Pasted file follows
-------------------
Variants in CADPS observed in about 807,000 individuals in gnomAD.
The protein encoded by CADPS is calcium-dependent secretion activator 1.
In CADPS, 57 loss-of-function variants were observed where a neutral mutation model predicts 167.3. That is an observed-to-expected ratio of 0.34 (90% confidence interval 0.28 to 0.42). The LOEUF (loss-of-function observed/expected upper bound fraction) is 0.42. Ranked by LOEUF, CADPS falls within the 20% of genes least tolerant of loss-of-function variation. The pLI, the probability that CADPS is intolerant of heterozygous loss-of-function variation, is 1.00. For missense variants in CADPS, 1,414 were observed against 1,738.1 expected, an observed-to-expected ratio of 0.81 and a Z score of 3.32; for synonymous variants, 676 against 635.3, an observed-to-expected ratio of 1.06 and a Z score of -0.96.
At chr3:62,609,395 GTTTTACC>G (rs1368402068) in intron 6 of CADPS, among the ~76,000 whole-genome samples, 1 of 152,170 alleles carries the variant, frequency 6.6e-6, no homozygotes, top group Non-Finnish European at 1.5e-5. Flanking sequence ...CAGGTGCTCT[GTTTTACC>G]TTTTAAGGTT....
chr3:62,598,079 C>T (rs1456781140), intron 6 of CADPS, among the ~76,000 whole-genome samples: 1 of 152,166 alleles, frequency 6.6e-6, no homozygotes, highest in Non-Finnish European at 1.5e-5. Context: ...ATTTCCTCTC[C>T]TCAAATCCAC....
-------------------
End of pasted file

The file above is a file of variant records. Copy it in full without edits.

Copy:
Variants in CADPS observed in about 807,000 individuals in gnomAD.
The protein encoded by CADPS is calcium-dependent secretion activator 1.
In CADPS, 57 loss-of-function variants were observed where a neutral mutation model predicts 167.3. That is an observed-to-expected ratio of 0.34 (90% confidence interval 0.28 to 0.42). The LOEUF (loss-of-function observed/expected upper bound fraction) is 0.42. Ranked by LOEUF, CADPS falls within the 20% of genes least tolerant of loss-of-function variation. The pLI, the probability that CADPS is intolerant of heterozygous loss-of-function variation, is 1.00. For missense variants in CADPS, 1,414 were observed against 1,738.1 expected, an observed-to-expected ratio of 0.81 and a Z score of 3.32; for synonymous variants, 676 against 635.3, an observed-to-expected ratio of 1.06 and a Z score of -0.96.
At chr3:62,609,395 GTTTTACC>G (rs1368402068) in intron 6 of CADPS, among the ~76,000 whole-genome samples, 1 of 152,170 alleles carries the variant, frequency 6.6e-6, no homozygotes, top group Non-Finnish European at 1.5e-5. Flanking sequence ...CAGGTGCTCT[GTTTTACC>G]TTTTAAGGTT....
chr3:62,598,079 C>T (rs1456781140), intron 6 of CADPS, among the ~76,000 whole-genome samples: 1 of 152,166 alleles, frequency 6.6e-6, no homozygotes, highest in Non-Finnish European at 1.5e-5. Context: ...ATTTCCTCTC[C>T]TCAAATCCAC....